Apple Inc., which holds $102 billion in cash and investments outside the U.S., will suggest changes to corporate-tax laws to encourage companies to bring more cash into the country.
In interviews with the Washington Post Co. and Politico, Apple Chief Executive Officer Tim Cook previewed testimony he will give on May 21 before the Senate Permanent Subcommittee on Investigations, which has been examining companies that use various maneuvers to reduce their tax bills. The current 35 percent corporate-tax rate is too high for companies to pay when bringing money back from overseas, Cook was quoted as saying by the Washington Post.
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Apple is facing U.S. government scrutiny after Cook unveiled a plan last month to return $100 billion in cash to shareholders via dividends and buybacks through 2015. Rather than using cash overseas that will be taxed, Apple is borrowing money for the payout, saving as much as $9.2 billion in taxes, according to Moody's Investor Services.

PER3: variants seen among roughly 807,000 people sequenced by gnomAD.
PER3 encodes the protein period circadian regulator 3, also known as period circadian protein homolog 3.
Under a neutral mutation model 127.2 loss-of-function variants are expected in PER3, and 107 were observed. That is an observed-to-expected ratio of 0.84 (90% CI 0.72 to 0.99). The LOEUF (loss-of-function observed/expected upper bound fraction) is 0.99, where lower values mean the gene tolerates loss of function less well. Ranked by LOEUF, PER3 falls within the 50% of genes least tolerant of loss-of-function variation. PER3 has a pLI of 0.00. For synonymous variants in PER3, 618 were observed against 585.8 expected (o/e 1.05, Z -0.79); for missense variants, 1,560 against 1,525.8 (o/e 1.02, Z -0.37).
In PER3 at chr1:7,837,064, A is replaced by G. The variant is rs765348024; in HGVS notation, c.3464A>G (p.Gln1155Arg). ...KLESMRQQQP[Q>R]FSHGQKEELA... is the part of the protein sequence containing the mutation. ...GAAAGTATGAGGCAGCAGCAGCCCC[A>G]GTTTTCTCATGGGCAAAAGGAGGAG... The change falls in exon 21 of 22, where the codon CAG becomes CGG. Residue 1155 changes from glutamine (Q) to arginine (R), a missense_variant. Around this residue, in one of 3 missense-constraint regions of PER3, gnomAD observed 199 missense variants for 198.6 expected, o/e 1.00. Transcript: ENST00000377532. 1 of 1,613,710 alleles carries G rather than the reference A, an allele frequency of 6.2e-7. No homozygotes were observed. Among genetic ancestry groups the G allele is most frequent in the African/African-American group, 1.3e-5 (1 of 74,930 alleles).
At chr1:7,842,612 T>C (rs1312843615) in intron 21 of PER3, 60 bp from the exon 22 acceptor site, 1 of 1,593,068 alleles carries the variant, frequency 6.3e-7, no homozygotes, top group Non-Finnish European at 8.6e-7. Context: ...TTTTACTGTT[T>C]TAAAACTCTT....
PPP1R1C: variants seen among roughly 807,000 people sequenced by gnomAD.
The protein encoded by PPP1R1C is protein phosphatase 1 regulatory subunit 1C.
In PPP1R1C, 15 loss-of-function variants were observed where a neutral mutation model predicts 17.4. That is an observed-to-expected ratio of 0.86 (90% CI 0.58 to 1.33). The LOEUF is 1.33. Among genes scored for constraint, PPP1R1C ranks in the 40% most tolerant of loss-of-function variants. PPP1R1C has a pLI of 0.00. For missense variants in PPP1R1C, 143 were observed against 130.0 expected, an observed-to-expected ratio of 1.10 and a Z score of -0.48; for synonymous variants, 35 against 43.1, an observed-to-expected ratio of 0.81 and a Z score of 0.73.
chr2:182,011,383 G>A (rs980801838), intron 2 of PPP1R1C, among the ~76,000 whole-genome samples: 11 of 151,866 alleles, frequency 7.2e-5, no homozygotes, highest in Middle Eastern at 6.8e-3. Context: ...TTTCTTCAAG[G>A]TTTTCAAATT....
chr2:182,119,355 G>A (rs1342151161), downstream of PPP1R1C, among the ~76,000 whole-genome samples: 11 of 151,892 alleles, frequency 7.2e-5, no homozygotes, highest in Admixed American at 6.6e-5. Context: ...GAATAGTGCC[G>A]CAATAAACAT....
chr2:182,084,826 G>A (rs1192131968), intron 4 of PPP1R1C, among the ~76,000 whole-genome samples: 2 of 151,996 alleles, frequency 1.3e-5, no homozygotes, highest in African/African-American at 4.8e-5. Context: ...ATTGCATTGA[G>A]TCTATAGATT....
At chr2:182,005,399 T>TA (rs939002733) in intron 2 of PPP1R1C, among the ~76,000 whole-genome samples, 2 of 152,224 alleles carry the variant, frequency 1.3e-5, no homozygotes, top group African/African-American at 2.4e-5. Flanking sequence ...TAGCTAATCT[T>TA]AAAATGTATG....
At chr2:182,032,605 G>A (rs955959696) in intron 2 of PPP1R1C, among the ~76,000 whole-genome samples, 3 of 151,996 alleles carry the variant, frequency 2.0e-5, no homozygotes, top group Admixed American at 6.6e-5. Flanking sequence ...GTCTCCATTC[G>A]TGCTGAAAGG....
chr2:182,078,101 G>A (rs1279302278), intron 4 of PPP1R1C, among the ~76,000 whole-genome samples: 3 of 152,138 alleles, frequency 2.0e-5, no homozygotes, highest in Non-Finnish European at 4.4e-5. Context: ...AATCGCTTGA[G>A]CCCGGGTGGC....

Cook defended Apple’s practices and said the company doesn’t funnel domestic profits overseas, according to the interview with Politico. The committee is also looking into tax practices at other companies, including Microsoft Corp. and Hewlett-Packard Co.
Steve Dowling, a spokesman for Apple, declined to comment beyond Cook's interviews.
Cook said Apple wants to create more jobs in the U.S., the Washington Post reported. Apple will spend $100 million on facilities to build Mac computers in the U.S., creating about 200 jobs, Cook said in an interview with Bloomberg Businessweek in December. Apple use components made in Arizona and assemble them in Texas, according to the Washington Post interview.
At the end of its last fiscal year, Apple had $40.4 billion in cumulative earnings outside the U.S. on which it hadn't paid U.S. taxes. If that was brought back, Apple would owe $13.8 billion, according to a filing.
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